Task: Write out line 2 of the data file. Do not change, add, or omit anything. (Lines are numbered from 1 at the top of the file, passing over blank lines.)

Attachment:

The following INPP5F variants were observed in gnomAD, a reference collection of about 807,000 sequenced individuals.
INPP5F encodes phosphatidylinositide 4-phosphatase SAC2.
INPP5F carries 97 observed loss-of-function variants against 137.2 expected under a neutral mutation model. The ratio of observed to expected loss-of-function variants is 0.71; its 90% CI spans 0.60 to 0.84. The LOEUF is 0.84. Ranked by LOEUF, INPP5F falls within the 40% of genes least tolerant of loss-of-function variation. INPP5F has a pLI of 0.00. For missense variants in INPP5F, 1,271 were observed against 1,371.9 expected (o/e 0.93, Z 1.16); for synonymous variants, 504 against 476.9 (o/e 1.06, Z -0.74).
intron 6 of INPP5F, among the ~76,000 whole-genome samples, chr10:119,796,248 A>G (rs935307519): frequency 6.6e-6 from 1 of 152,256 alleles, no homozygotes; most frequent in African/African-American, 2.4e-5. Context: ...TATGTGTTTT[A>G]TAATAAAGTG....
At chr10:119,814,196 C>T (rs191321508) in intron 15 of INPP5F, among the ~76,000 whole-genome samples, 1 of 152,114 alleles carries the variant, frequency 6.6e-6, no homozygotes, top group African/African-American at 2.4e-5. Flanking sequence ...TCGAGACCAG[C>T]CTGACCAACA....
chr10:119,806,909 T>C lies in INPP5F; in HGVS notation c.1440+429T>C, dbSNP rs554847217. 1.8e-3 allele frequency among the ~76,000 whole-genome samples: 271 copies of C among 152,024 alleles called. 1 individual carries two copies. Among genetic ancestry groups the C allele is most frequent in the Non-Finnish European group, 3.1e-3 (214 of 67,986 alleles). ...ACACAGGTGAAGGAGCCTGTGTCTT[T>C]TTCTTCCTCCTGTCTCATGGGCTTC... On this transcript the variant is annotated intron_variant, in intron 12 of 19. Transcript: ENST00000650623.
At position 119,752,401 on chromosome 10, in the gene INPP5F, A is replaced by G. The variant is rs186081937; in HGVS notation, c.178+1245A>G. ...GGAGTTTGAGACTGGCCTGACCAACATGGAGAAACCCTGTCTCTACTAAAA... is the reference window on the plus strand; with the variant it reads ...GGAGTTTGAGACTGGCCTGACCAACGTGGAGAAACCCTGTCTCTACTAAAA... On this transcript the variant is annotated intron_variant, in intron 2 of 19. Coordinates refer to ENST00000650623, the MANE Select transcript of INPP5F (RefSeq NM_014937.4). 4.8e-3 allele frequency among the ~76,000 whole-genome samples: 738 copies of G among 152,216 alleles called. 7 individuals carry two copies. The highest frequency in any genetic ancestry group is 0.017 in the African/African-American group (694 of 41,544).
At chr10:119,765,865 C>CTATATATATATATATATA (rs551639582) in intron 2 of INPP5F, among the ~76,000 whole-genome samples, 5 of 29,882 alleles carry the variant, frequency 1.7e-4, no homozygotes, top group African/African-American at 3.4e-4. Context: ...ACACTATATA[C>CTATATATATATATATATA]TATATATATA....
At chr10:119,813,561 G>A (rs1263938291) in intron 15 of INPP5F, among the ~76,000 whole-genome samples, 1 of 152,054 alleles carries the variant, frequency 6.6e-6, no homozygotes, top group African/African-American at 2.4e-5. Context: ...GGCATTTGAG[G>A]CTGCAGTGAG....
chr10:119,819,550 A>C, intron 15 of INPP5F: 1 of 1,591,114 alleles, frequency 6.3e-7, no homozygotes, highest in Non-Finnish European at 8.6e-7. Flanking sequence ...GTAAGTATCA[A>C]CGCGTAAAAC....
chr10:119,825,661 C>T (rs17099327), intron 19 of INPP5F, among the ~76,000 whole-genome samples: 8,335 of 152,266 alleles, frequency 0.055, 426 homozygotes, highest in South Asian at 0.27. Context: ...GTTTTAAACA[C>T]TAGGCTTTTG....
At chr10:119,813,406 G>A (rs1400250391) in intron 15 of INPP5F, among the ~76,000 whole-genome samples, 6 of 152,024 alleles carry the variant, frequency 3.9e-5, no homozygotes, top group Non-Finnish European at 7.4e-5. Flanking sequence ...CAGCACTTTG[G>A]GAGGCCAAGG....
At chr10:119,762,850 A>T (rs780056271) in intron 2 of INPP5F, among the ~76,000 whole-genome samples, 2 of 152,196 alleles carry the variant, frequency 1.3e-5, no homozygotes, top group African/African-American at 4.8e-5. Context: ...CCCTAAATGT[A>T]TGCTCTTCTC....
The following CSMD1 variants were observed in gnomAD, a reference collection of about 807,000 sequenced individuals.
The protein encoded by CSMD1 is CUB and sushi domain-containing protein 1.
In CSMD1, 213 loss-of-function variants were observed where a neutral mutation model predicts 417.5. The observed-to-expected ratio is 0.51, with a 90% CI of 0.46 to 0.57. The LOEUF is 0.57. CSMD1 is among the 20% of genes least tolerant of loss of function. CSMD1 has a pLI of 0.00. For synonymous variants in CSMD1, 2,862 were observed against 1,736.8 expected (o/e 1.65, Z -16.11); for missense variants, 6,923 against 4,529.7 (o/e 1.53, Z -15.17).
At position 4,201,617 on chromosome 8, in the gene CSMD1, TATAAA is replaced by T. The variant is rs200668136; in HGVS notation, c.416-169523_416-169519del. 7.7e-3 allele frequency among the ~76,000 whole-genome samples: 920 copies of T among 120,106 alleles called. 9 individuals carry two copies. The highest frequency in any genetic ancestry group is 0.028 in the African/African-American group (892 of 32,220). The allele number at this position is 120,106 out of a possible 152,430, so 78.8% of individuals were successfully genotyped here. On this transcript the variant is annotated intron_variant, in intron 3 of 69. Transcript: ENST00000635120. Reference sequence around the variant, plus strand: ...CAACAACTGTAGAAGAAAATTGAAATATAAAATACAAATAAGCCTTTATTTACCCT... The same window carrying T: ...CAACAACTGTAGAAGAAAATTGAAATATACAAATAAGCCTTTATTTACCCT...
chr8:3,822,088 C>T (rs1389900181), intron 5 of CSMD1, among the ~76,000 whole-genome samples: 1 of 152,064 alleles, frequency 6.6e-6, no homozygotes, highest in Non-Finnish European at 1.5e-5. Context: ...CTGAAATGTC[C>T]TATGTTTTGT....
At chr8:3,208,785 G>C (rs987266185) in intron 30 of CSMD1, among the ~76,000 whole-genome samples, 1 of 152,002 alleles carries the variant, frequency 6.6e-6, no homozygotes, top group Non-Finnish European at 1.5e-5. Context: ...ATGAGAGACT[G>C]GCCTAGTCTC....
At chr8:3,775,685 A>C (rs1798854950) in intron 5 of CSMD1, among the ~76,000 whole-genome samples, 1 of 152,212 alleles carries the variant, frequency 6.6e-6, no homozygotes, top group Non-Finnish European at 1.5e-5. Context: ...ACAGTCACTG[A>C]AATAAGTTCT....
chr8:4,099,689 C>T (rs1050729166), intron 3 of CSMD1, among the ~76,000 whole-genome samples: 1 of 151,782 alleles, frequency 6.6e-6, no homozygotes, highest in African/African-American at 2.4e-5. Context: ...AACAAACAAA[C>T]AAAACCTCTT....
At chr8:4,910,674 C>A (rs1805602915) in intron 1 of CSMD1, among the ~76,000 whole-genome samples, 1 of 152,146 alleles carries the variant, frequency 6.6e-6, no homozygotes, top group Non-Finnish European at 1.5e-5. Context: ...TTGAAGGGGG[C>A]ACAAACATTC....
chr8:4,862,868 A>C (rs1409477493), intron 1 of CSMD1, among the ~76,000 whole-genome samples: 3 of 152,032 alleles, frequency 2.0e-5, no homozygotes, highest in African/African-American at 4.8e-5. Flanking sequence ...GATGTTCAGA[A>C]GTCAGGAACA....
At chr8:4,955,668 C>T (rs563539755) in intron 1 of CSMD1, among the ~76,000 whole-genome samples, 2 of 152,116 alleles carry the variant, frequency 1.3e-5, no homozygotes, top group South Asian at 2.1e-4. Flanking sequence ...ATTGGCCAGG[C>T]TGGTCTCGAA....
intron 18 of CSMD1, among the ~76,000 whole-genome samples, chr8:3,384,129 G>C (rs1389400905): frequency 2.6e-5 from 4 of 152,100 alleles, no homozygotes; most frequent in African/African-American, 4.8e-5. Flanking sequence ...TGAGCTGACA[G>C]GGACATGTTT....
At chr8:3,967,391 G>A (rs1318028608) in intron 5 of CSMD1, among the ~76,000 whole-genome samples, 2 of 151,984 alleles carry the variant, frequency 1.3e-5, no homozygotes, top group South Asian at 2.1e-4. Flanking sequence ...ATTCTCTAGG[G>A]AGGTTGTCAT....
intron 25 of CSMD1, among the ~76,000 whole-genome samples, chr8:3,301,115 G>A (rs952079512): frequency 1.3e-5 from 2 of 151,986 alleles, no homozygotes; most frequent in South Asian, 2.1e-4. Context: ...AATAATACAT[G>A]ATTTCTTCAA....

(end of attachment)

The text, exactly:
INPP5F encodes phosphatidylinositide 4-phosphatase SAC2.